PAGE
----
Here's an idea: a druid can cast the 5th-level spell Awaken on an infant. This spell rushes the baby's mind and body to a point of maturity that is unhealthy, aging the child to very young status. Intelligence, Wisdom, and Charisma jump up one age category per month for three months (after which the unadjusted score should be 3-18). The physical abilities (Strength, Dexterity, Constitution) continue to develop, but the character's size and general appearance will always be trapped just before juvenile; s/he will never grow or mature physically, though the effects of aging will come with time. This is reflected by skipping adulthood on the table above; physical stats start to decline starting at adulthood, dropping at an accumulating rate of one until losing six points per stat at old age. For the mental abilities (Intelligence, Wisdom, Charisma), add one point per age category past very young (thus netting an extra +3 for each score). Awakened Infants die at Old Age + Death rather than Venerable Age + Death; they are simply too stressed.

The Awaken spell grants the child one language that the caster can speak. This counts as an automatic language and the child can immediately understand it perfectly. After the three month development, the child can also speak it perfectly. If this language was not common, the awakened infant also gains common as an automatic language, though it is not mastered until young. Bonus languages (of a number equal to the character's Int modifier) are learned as normal or can be picked up for free over two levels (one for partial coverage, ie like a very young, and one more to master). Awakened infants have only one or two automatic languages; additional languages provided by race are added to the possible bonus language list.

Starting play

Technically speaking, an awakened infant can start play three months after the spell is cast, since the character has the mental capacity for it and can speak one language. However, a strength of one and a constitution of six (at best) makes for a very weak adventurer, as a very young's body should seem. Additionally, the child needs to train for a class, which takes an amount of time based on the class itself (as extracted from the "Starting Ages" table):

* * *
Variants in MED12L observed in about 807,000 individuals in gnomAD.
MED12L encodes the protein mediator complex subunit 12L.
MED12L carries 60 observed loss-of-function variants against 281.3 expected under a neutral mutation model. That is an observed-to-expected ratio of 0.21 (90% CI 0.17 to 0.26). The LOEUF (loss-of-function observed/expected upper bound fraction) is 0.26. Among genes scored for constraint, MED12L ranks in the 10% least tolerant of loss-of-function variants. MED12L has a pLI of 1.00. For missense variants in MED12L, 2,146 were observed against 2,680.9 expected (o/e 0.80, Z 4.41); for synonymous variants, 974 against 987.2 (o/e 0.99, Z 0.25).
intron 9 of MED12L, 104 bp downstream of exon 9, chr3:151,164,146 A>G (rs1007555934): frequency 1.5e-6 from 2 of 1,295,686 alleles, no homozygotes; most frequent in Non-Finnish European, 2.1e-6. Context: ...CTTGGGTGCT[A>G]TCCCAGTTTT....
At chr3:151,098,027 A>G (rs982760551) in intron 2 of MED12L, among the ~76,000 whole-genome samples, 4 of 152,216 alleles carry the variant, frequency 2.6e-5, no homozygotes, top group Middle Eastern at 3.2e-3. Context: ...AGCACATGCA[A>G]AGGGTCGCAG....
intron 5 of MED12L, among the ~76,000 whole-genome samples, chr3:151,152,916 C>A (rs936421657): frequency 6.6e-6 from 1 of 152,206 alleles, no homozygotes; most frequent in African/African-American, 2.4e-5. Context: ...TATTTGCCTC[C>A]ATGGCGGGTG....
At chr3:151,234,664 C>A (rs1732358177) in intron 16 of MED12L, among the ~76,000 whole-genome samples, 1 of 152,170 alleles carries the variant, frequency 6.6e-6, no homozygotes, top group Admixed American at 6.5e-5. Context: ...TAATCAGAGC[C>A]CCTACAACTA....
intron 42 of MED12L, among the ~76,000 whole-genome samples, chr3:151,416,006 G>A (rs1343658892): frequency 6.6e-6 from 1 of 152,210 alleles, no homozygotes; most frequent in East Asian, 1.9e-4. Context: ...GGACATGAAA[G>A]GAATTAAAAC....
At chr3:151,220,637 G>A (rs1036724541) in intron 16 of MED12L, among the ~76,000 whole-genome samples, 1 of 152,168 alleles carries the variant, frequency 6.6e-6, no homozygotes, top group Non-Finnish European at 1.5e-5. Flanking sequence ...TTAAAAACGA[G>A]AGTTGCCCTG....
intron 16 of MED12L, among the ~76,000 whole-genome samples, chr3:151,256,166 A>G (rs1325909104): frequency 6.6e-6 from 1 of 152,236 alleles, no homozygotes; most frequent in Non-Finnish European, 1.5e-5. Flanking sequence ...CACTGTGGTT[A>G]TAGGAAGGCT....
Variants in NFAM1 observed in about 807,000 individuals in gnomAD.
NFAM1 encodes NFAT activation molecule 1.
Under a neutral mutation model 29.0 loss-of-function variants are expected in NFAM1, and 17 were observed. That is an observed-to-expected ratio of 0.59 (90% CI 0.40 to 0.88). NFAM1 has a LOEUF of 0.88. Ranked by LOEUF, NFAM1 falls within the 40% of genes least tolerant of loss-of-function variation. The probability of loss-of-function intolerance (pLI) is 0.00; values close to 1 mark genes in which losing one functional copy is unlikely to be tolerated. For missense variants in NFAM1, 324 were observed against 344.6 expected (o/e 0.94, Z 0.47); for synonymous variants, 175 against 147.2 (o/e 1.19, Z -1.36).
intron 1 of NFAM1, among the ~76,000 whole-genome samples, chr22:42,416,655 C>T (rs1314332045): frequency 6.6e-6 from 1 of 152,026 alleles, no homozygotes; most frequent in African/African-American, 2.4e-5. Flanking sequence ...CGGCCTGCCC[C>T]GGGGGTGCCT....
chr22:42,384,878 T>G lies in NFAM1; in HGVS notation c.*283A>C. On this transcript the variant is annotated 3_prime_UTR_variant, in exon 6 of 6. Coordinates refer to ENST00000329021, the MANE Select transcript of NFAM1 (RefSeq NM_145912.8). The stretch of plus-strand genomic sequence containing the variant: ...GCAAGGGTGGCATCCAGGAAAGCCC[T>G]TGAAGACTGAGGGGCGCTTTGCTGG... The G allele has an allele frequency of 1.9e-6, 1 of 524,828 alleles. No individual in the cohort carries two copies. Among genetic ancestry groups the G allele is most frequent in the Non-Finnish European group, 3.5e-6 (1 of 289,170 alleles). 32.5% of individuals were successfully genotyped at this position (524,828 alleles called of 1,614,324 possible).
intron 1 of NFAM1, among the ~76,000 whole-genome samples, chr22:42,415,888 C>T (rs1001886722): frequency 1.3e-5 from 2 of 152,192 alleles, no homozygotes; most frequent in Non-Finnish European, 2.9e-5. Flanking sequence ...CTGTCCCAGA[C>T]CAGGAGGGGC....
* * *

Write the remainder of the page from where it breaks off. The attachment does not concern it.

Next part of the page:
Training Time (in years)



Gnoll (Uzgok)11d41d62d6

Some classes allow a very young to have completed training before young. In these cases, starting as a very young is possible, though the lower physical abilities are likely to get the character killed (even with levels in Child Athlete; see below). Generally, an awakened infant character can start play as early as young, though starting at juvenile gives more appropriate physical statistics.

Child Athlete - Prestige Class

Some awakened infants push themselves very hard, enabling themselves to physically develop their bodies to a more competitive edge. This class counts as a "Racial Class" for determining training time for a class; basically, it boils down to acting as Effective Character Levels (ECLs).

LevelAttackSaveSaveSave Special
1+0+0+2+0 +1d3 Strength, +1d3 Constitution, -1 Wisdom
2+1+0+3+0 +1d3 Strength, +1d3 Constitution, -1 Charisma

Requirements: Received Awaken spell while in infancy, currently in juvenile (age 11-16 for humans).

Hit Die: d8.

Class Skills:
A Child Athlete's class skills (and the key ability for each skill) are Balance (Dex), Climb (Str), Concentration (Con), Disguise (Cha), Jump (Str), Ride (Dex), Swim (Str).
Skill points per level: 2 + Int modifier.

Weapon and Armor Proficiency: A Child Athlete is proficient in one light weapon of the character's choice and no armor or shields.

Levels in this class require time to attain; the "Training Time" table above shows how much time each race needs to take before their first level in this class. At least an equal amount of time (roll again if applicable) is needed before attaining the second level in this class. The character must still be in the juvenile age class in order to attain second level.

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All content copyright © 2003-08 by Adam Katz unless otherwise noted. All rights reserved. Page last updated Mon Sep 08 20:00:28 2008.